Forbes – Why Bitcoin Must Die. Long Live Bitcoin 2.0

7 Feb

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One day, there will be a global digital currency in widespread commercial use whose value will not be controlled by central banks. Governments can forestall this day, as they have for the past 20 years since the first digital currencies were launched, but the market demand for an alternative to inflation-prone fiat money that can be conveniently, securely, and inexpensively exchanged over digital networks will be too strong to resist. Alas, the currency described above will not be Bitcoin, at least not in its current configuration.

Why not today’s Bitcoin? Because the digital currency of the future must choose between two mutually exclusive paths. It can either be anonymous, enabling black market transactions in the shadow economy, or it can be fully compliant with the growing body of know your customer, anti-money laundering laws that constrain global financial markets. A single digital currency cannot do both.

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Cartoon Courtesy of Chris Roelofs

To read the rest of the column click here.

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3 Responses to “Forbes – Why Bitcoin Must Die. Long Live Bitcoin 2.0”

  1. Dave February 7, 2014 at 1:05 pm #

    Great post… clearly thought out. Expect, it provided zero insight into what those thoughts were. Two full paragraphs and you managed to touch on all the important facets of the issue, such as “it wont work” and “it can’t do both”. While I think those are both great points I feel like someone should point out to you that it can work and it can do both. Stay with me for a second, this might blow your mind but you should know that the BTC protocol is capable of both anonymity and complete financial disclosure at the same time.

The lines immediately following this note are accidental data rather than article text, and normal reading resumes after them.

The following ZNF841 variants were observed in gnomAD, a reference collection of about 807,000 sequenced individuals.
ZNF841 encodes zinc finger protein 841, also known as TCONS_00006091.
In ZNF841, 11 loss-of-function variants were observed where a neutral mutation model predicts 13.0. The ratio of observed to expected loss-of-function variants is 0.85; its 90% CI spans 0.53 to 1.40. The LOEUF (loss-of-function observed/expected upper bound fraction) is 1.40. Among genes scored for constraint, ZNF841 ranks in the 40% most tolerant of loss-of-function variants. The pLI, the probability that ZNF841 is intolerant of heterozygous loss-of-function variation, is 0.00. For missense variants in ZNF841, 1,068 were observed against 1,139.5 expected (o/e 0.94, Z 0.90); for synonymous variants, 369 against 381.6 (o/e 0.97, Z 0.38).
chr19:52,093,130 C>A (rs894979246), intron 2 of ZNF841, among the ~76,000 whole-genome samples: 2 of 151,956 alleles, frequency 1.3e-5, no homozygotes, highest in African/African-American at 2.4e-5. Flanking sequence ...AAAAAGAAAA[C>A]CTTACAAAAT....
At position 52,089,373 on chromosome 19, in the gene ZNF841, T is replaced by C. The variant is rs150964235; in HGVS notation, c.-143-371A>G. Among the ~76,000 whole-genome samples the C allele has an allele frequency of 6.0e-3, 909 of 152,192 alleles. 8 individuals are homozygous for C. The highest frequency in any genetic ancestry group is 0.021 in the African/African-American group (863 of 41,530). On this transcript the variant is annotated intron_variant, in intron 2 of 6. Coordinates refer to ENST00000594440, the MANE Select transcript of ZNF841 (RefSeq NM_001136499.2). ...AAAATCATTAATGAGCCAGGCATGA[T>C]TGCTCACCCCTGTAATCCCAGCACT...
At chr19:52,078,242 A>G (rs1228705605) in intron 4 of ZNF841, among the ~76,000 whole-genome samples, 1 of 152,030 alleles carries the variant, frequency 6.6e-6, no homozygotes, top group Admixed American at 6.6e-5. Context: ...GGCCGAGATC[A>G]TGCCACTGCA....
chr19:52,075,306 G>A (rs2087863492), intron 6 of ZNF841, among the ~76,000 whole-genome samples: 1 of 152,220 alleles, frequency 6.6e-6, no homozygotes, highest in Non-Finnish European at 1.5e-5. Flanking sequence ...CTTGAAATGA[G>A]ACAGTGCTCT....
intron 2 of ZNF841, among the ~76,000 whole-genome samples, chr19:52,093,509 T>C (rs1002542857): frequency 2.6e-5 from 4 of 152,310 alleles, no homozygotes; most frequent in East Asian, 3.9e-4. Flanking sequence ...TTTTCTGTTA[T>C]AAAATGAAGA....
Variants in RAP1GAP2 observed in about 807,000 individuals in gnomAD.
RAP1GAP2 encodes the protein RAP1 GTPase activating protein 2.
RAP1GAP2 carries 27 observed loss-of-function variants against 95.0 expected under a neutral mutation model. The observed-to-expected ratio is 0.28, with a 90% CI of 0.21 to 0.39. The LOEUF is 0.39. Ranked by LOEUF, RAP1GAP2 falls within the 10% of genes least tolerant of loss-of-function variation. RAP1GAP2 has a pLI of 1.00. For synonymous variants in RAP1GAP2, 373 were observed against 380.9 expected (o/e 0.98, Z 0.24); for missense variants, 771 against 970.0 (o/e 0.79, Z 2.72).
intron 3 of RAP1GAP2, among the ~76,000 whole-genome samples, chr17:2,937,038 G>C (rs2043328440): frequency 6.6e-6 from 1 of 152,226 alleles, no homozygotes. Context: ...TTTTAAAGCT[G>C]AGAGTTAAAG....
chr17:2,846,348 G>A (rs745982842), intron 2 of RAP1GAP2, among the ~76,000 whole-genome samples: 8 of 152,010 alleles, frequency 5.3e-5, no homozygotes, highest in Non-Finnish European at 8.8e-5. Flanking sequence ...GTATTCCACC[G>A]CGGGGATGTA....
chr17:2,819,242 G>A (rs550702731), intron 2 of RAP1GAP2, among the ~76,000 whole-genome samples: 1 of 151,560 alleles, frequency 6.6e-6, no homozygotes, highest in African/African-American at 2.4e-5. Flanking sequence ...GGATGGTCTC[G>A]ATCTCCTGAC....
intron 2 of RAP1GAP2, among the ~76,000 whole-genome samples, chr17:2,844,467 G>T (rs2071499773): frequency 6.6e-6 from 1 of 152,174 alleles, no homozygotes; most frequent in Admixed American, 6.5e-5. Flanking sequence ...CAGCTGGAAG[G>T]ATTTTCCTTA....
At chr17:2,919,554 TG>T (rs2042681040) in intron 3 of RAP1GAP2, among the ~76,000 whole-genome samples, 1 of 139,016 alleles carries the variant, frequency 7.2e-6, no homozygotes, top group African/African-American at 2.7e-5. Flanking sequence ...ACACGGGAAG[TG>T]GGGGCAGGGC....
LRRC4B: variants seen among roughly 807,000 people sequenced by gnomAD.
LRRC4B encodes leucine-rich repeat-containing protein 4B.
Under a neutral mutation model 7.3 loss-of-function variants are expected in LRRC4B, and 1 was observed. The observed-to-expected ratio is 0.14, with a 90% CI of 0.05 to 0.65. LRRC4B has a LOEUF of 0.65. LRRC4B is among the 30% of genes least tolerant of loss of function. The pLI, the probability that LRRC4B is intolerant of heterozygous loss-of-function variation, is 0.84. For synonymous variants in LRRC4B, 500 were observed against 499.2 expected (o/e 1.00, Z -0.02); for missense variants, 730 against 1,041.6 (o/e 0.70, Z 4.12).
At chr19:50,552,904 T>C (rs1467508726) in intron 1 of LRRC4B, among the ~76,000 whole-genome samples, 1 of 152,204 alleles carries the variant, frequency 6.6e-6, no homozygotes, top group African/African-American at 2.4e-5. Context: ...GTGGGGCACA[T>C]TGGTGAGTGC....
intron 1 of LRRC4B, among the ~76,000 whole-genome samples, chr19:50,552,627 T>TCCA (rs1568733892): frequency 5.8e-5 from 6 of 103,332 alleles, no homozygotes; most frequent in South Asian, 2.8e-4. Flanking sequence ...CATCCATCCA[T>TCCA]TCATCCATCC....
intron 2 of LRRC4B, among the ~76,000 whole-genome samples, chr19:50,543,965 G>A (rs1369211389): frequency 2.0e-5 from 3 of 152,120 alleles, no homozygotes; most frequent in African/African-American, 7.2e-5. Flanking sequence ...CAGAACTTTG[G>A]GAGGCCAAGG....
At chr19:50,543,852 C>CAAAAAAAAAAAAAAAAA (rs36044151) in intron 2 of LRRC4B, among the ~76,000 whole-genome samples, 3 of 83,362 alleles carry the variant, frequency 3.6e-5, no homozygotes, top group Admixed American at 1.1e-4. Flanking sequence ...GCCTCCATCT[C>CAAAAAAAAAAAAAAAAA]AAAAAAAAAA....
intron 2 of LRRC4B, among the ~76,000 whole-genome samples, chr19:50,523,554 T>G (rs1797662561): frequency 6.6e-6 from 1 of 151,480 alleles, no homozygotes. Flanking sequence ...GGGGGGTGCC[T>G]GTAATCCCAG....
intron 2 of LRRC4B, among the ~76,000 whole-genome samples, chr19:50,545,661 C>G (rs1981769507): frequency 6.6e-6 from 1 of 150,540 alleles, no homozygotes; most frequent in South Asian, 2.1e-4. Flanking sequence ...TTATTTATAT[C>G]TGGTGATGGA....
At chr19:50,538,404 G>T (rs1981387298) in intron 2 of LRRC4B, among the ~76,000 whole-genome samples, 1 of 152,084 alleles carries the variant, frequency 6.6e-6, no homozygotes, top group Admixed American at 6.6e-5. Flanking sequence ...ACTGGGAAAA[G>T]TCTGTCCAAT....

I mean, you would probably know that if you had taken the time to do any research into how bitcoin actually works, but you know, the whole 10 page white paper explaining it is SUPER hard to read. Thank god research isn’t a requirement for journalism.

    I agree with you completely, bitcoin will fail completely for reasons that neither of us understand because bitcoin bitcoin bitcoin bitcoin (my blog will get more hits if I talk about bitcoin right?) bitcoin bitcoin bitcoin.

    Great job. Someone get this man a Pulitzer.

    • Dave February 7, 2014 at 1:06 pm #

      Except*

  2. billfrezza February 8, 2014 at 10:31 am #

    Dave – the fact that Bitcoin is capable of providing both anonymity and financial disclosure at the same time is precisely the problem, and is the entire point of my column. We can both lament the overreach of the state and the moral illegitimacy of money laundering laws and regulations, but we can’t wish them away. The Bitcoin community is going to have to deal with an onslaught of indictements. Sustaining excitement and widespread acceptance in the “legitimate” Bitcoin community in the face of these attacks is going to be quite a challange, especially if the uncertainty and negative publicity craters the dollar exchange value of Bitcoins. Rather than accusing critics of ignorance you might want to educate yourself about the campaign that brought down eGold. It’s naive to believe that BTC’s protocols is going to offer protection since the value of Bitcoins is based on an illusion and not an asset portfolio. The government doesn’t have to seize all the computers, all it has to do is pop the illusion.

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